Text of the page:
Have you heard of the Yorkshire Burrito? Yorkshire man Henry Preen has brought the Great British roast dinner to the streets of London with his Yorkshire pudding wraps. Choose between roast chicken with lemon and black pepper in white wine gravy, rare breed beef brisket in red wine gravy, or slices of roasted pork belly with crackling and apple sauce, before its wrapped into a giant Yorkshire pudding with rosemary-roasted potatoes, greens, sage and onion stuffing and plenty of gravy. There’s also an indulgent veggie option of roasted cauliflower cheese served with all the trimmings.
We interview Henry about his Yorkshire pudding wraps and the best Yorkshire burrito recipe…
How did the Yorkshire Burrito come about?
The Yorkshire Burrito idea was a combination of a few things. Firstly, I wanted to develop the nostalgic tradition from when you used to go down the pub and have a roast dinner in a giant Yorkshire pudding filled with gravy, that’s a great thing for a Yorkshire man.
Secondly, I wanted to create a unique British street food. We do street food extremely well in the UK, especially in London (here are our favourite street food stalls), with many thriving street food markets focusing on international street food (burgers, kebabs and bao buns to name a few), but there aren’t enough British street food stalls. In my opinion one of the things we do best as a country is the Sunday roast. It’s what other countries know us for, the French even call us ‘les roast-beef’, so it made sense to bring the roast dinner to the streets of London and the UK.
How do you make a Yorkshire Burrito Yorkshire pudding wrap?
The Yorkshire burritos all come with stuffing, crisp rosemary roast potatoes, and a bit of spinach because it’s healthy, break up the brown a little bit. For the meat we’ve got slow-roast beef brisket cooked in loads of red wine and a mix of carrot, onions and celery, and then there’s the chicken one which is roasted off with loads of lemon, honey, lots and lots of black pepper, a bit of white wine in there as well, and then soon we’ll have pork with crackling and apple sauce.
Do you have a vegetarian Yorkshire pudding wrap at Yorkshire Burrito?
We have a cauliflower cheese wrap, with all the trimmings. Cauliflower cheese is one of those things that can be quite easy to get wrong if you boil the cauliflower too much, so I roast it off on the grill with loads of garlic, salt and pepper, get a nice bit of colour to it and leave it quite crunchy with a good bit of bite. The cheese sauce has a bit of white wine vinegar and mustard powder and lots of cheese – the most mature cheddar available to man.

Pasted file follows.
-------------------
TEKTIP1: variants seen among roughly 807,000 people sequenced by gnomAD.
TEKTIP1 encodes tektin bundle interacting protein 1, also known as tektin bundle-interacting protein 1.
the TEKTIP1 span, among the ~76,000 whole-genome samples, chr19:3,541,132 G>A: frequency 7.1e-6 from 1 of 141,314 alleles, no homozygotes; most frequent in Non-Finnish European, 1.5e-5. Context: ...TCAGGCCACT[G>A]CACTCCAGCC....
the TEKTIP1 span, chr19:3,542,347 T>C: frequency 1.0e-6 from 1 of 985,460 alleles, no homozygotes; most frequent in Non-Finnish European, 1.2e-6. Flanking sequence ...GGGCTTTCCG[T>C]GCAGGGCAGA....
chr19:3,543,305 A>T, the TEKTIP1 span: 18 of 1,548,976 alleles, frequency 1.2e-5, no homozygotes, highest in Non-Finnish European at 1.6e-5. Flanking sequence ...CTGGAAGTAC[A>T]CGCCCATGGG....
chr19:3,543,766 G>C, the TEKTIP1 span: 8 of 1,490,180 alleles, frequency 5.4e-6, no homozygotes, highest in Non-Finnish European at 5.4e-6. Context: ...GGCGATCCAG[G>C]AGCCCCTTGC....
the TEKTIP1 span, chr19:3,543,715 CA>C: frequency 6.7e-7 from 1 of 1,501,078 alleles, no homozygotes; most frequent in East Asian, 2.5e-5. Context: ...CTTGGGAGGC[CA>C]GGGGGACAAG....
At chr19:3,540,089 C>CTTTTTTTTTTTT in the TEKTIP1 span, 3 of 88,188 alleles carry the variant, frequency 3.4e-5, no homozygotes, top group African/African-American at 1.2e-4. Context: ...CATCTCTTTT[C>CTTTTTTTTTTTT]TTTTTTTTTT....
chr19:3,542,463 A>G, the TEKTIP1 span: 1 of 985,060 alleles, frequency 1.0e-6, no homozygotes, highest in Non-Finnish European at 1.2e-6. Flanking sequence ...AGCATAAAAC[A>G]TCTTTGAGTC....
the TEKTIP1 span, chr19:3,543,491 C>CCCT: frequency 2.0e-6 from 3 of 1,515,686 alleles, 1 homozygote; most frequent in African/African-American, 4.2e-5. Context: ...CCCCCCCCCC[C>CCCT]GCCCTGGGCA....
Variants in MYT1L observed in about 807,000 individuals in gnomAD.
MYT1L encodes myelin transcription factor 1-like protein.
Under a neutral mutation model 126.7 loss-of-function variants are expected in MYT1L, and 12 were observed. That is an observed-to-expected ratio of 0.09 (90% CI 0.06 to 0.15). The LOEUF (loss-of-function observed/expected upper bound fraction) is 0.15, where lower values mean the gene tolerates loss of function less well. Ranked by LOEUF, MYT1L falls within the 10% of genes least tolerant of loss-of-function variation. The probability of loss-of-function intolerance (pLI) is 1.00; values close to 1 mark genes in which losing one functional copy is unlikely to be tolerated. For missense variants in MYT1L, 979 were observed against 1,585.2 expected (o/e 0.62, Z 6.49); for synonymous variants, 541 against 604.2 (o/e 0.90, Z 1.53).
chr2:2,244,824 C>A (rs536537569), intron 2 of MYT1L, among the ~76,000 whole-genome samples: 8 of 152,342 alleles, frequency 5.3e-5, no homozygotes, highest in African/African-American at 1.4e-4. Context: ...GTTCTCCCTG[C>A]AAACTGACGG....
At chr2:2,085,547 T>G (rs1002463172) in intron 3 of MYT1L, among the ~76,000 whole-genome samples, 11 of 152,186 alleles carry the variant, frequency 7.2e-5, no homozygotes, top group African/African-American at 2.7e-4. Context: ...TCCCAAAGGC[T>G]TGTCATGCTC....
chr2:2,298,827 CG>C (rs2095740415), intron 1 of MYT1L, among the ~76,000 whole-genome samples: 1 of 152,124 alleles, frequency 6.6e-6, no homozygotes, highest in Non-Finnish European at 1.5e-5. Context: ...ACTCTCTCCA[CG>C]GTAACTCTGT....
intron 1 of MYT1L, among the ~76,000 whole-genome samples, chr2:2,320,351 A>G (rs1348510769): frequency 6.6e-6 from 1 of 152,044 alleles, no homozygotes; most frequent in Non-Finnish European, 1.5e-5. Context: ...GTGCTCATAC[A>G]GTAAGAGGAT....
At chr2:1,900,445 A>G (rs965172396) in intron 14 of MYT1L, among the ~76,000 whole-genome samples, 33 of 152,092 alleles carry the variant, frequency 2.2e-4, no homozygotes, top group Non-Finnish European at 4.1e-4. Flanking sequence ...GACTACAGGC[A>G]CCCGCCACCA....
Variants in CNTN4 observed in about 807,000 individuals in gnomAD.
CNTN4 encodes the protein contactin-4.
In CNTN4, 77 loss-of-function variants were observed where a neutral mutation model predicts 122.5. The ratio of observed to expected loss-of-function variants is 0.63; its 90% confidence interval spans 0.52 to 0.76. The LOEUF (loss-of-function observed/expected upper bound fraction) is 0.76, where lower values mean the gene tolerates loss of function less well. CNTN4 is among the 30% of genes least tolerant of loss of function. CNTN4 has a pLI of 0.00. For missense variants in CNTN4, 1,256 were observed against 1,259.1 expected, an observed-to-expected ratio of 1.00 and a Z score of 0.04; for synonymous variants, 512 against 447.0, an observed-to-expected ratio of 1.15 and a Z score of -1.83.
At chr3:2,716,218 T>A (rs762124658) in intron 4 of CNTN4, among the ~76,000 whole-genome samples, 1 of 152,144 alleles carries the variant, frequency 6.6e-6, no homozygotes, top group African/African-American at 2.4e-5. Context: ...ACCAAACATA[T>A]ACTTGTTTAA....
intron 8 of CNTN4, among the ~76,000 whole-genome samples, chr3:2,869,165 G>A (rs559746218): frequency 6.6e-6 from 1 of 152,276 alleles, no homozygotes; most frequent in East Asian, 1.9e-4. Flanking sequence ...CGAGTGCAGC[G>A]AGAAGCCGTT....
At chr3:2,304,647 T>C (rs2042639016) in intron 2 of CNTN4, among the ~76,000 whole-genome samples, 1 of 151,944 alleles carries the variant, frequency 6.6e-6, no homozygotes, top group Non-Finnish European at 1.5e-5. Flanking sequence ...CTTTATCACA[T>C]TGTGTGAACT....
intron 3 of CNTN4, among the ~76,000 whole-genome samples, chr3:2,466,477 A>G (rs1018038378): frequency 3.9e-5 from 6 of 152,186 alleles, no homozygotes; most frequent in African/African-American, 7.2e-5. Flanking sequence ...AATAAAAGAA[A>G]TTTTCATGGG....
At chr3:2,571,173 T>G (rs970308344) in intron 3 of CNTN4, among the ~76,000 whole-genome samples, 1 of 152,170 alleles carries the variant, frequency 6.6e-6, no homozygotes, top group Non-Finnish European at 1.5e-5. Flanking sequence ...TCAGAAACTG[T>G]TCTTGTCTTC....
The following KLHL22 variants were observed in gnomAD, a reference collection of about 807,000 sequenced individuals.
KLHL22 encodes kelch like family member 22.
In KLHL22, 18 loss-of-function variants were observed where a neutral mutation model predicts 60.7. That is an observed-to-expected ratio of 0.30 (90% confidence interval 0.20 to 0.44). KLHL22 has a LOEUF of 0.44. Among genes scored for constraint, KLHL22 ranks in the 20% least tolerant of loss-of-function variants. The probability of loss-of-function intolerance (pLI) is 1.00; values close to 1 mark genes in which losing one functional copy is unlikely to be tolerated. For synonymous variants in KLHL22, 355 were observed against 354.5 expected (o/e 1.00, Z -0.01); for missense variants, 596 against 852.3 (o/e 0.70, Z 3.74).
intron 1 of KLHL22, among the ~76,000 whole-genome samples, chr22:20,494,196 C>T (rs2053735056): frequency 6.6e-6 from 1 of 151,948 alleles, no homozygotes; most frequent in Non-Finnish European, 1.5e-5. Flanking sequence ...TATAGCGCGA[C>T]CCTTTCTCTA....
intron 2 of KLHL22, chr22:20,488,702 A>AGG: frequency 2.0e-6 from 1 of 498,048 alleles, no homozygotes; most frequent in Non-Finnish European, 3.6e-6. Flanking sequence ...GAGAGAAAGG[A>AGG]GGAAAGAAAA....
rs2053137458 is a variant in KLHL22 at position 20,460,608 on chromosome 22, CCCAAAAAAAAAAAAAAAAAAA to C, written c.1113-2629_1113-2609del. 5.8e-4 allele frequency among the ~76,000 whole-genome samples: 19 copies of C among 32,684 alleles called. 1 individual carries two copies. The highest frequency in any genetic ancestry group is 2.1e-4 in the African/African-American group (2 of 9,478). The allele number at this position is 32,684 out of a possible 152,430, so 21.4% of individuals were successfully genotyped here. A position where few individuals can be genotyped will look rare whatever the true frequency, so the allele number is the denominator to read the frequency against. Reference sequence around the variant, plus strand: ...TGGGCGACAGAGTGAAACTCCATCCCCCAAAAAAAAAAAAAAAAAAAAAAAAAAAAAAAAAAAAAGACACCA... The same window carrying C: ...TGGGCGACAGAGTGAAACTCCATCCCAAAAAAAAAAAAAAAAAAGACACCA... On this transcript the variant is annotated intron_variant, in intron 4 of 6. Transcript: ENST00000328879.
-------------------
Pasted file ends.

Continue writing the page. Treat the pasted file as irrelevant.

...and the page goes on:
What are the origins of the Yorkshire pudding?
I heard it used to be a thing when families who didn’t have a lot of money would cook a rack of meat above a batter base and the juices would drip down to create an indulgent extra component to the roast dinner to help fill people up while still retaining the meaty flavour.
Which is your favourite roast dinner, roast chicken or roast beef?
Roast beef, mainly because of the rich gravy you get from it, or top of the pops would be pork, pork with crackling is my number one which will be appearing on the Yorkshire Burrito menu shortly.
How do you make the best crackling for roast pork?
Make sure your crackling is dry, leaving it out for a little bit and pouring boiling water over the top to shrink the skin, then pat dry, oil and salt on it and then in a nice high oven at first before turning it down.
How do you make your roast potatoes?
The best roast potatoes for me have lots of garlic and rosemary. I parboil until the potatoes almost fall apart. I tend to use lard as it gets really hot and gives a good crust to the potatoes, or beef dripping or goose fat – just stay away from olive oil as it doesn’t get hot enough.
How do you make the gravy that you dip your Yorkshire burritos into?
Our Yorkshire pudding wraps come with little gravy dipping pots. It’s a mega gravy, so you get all your cooking juices from the chicken and the beef so there’s a lot of red wine, a lot of white wine, and garlic going on in there.
The key to proper gravy is reducing the liquid down a lot, so don’t season up your gravy too much before, it’s best to do gradually while the juices intensify. Make sure you get all the sticky bits off the bottom of your pan as that’s where all the flavour is.
Listen to our interview with Henry about Yorkshire Burrito on our podcast here…